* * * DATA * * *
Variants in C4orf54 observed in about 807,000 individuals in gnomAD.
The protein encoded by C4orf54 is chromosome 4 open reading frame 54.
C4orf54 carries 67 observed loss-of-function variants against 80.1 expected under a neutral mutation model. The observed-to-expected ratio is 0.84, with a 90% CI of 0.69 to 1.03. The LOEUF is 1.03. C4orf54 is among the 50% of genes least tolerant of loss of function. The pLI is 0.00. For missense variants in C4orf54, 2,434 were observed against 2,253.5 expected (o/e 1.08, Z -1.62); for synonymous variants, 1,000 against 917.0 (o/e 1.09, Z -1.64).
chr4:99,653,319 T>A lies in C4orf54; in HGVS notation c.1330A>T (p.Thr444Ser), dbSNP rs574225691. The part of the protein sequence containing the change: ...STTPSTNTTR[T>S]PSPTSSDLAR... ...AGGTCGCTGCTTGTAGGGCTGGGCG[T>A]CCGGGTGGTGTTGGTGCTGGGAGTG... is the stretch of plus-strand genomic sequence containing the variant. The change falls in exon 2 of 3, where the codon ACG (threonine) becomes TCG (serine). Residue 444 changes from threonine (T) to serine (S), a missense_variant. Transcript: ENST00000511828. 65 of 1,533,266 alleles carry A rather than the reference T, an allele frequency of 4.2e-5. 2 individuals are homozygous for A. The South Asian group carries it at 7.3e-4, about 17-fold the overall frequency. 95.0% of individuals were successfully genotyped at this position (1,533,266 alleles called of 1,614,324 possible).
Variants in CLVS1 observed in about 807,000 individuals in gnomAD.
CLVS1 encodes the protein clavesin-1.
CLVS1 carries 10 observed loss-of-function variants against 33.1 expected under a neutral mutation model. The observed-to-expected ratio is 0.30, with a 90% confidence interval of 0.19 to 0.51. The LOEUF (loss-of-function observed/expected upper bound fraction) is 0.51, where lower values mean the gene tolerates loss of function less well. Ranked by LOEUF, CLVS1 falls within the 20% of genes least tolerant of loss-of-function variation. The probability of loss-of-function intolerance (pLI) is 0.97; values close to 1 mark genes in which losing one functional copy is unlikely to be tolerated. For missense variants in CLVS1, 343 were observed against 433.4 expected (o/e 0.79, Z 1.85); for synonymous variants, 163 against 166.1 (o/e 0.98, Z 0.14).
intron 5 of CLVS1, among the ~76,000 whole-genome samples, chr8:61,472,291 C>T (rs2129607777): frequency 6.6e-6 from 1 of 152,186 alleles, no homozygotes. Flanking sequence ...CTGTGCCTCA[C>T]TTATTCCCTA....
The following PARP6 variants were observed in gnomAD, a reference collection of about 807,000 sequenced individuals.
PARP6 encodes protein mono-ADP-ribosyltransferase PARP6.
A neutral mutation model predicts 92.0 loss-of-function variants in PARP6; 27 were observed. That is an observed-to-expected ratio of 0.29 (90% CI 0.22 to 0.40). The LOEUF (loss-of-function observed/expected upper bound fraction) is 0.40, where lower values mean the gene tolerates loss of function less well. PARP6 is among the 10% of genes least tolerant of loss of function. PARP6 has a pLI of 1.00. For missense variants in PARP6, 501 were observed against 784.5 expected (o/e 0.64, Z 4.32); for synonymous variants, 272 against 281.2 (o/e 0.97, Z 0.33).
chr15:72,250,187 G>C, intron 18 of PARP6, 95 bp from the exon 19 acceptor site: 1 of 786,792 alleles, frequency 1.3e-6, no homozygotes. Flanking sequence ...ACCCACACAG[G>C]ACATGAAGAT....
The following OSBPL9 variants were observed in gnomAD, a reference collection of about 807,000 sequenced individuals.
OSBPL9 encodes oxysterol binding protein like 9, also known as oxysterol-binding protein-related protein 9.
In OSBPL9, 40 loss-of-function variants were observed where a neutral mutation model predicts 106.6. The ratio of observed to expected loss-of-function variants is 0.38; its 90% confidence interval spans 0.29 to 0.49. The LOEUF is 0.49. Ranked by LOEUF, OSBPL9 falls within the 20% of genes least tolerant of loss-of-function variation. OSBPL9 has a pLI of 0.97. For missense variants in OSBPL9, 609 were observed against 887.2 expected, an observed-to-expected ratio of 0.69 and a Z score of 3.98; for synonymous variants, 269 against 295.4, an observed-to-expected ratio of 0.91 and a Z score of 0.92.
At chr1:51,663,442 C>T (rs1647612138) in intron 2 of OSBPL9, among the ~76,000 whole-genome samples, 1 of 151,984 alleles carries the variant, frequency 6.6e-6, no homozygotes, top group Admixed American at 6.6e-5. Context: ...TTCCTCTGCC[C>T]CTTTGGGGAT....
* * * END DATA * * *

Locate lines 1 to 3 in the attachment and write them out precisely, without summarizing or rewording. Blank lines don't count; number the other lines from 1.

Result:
Variants in C4orf54 observed in about 807,000 individuals in gnomAD.
The protein encoded by C4orf54 is chromosome 4 open reading frame 54.
C4orf54 carries 67 observed loss-of-function variants against 80.1 expected under a neutral mutation model. The observed-to-expected ratio is 0.84, with a 90% CI of 0.69 to 1.03. The LOEUF is 1.03. C4orf54 is among the 50% of genes least tolerant of loss of function. The pLI is 0.00. For missense variants in C4orf54, 2,434 were observed against 2,253.5 expected (o/e 1.08, Z -1.62); for synonymous variants, 1,000 against 917.0 (o/e 1.09, Z -1.64).